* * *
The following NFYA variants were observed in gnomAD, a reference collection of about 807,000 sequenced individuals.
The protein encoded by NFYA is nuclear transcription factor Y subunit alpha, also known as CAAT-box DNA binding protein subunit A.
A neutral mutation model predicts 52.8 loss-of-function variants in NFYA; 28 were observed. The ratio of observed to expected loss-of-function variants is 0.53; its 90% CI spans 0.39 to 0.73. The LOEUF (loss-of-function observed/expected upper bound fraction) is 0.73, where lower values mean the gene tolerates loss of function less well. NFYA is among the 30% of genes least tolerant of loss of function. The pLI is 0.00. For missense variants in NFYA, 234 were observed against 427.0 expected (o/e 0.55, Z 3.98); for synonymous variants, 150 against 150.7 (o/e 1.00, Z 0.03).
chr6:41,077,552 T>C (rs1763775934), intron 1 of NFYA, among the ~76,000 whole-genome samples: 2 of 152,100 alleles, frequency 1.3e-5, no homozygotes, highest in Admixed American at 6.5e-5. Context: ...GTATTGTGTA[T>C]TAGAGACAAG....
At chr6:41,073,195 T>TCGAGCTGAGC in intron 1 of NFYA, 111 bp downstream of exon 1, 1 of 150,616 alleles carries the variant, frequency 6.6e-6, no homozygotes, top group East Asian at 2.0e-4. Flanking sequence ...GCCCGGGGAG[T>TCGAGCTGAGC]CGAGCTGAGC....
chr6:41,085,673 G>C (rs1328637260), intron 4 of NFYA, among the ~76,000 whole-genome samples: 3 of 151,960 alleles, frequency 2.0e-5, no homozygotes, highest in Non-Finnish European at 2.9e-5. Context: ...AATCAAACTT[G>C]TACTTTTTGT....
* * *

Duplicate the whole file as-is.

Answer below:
The following NFYA variants were observed in gnomAD, a reference collection of about 807,000 sequenced individuals.
The protein encoded by NFYA is nuclear transcription factor Y subunit alpha, also known as CAAT-box DNA binding protein subunit A.
A neutral mutation model predicts 52.8 loss-of-function variants in NFYA; 28 were observed. The ratio of observed to expected loss-of-function variants is 0.53; its 90% CI spans 0.39 to 0.73. The LOEUF (loss-of-function observed/expected upper bound fraction) is 0.73, where lower values mean the gene tolerates loss of function less well. NFYA is among the 30% of genes least tolerant of loss of function. The pLI is 0.00. For missense variants in NFYA, 234 were observed against 427.0 expected (o/e 0.55, Z 3.98); for synonymous variants, 150 against 150.7 (o/e 1.00, Z 0.03).
chr6:41,077,552 T>C (rs1763775934), intron 1 of NFYA, among the ~76,000 whole-genome samples: 2 of 152,100 alleles, frequency 1.3e-5, no homozygotes, highest in Admixed American at 6.5e-5. Context: ...GTATTGTGTA[T>C]TAGAGACAAG....
At chr6:41,073,195 T>TCGAGCTGAGC in intron 1 of NFYA, 111 bp downstream of exon 1, 1 of 150,616 alleles carries the variant, frequency 6.6e-6, no homozygotes, top group East Asian at 2.0e-4. Flanking sequence ...GCCCGGGGAG[T>TCGAGCTGAGC]CGAGCTGAGC....
chr6:41,085,673 G>C (rs1328637260), intron 4 of NFYA, among the ~76,000 whole-genome samples: 3 of 151,960 alleles, frequency 2.0e-5, no homozygotes, highest in Non-Finnish European at 2.9e-5. Context: ...AATCAAACTT[G>C]TACTTTTTGT....